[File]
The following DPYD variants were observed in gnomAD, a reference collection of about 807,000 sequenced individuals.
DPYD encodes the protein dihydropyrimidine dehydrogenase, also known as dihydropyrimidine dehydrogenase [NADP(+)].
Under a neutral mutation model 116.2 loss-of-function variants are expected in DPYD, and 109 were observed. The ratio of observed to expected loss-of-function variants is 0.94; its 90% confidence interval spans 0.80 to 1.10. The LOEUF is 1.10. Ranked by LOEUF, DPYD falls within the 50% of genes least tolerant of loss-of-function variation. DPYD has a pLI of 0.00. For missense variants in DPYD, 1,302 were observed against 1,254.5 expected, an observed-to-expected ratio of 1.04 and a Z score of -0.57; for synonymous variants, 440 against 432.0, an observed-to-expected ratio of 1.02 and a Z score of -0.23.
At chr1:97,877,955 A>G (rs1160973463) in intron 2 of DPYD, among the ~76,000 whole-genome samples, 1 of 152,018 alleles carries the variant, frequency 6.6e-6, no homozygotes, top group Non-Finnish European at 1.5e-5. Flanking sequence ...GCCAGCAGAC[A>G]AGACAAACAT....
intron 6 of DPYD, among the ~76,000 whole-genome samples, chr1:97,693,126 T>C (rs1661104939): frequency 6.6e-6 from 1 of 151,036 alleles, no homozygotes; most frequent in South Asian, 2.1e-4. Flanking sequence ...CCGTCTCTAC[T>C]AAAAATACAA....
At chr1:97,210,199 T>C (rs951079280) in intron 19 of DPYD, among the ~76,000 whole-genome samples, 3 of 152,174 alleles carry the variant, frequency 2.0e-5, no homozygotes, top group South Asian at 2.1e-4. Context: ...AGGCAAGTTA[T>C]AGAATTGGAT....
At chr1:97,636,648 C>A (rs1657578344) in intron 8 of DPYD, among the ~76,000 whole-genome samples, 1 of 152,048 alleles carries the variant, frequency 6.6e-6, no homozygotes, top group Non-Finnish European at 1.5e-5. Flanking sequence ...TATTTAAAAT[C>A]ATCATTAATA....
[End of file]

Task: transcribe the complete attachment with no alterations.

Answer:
The following DPYD variants were observed in gnomAD, a reference collection of about 807,000 sequenced individuals.
DPYD encodes the protein dihydropyrimidine dehydrogenase, also known as dihydropyrimidine dehydrogenase [NADP(+)].
Under a neutral mutation model 116.2 loss-of-function variants are expected in DPYD, and 109 were observed. The ratio of observed to expected loss-of-function variants is 0.94; its 90% confidence interval spans 0.80 to 1.10. The LOEUF is 1.10. Ranked by LOEUF, DPYD falls within the 50% of genes least tolerant of loss-of-function variation. DPYD has a pLI of 0.00. For missense variants in DPYD, 1,302 were observed against 1,254.5 expected, an observed-to-expected ratio of 1.04 and a Z score of -0.57; for synonymous variants, 440 against 432.0, an observed-to-expected ratio of 1.02 and a Z score of -0.23.
At chr1:97,877,955 A>G (rs1160973463) in intron 2 of DPYD, among the ~76,000 whole-genome samples, 1 of 152,018 alleles carries the variant, frequency 6.6e-6, no homozygotes, top group Non-Finnish European at 1.5e-5. Flanking sequence ...GCCAGCAGAC[A>G]AGACAAACAT....
intron 6 of DPYD, among the ~76,000 whole-genome samples, chr1:97,693,126 T>C (rs1661104939): frequency 6.6e-6 from 1 of 151,036 alleles, no homozygotes; most frequent in South Asian, 2.1e-4. Flanking sequence ...CCGTCTCTAC[T>C]AAAAATACAA....
At chr1:97,210,199 T>C (rs951079280) in intron 19 of DPYD, among the ~76,000 whole-genome samples, 3 of 152,174 alleles carry the variant, frequency 2.0e-5, no homozygotes, top group South Asian at 2.1e-4. Context: ...AGGCAAGTTA[T>C]AGAATTGGAT....
At chr1:97,636,648 C>A (rs1657578344) in intron 8 of DPYD, among the ~76,000 whole-genome samples, 1 of 152,048 alleles carries the variant, frequency 6.6e-6, no homozygotes, top group Non-Finnish European at 1.5e-5. Flanking sequence ...TATTTAAAAT[C>A]ATCATTAATA....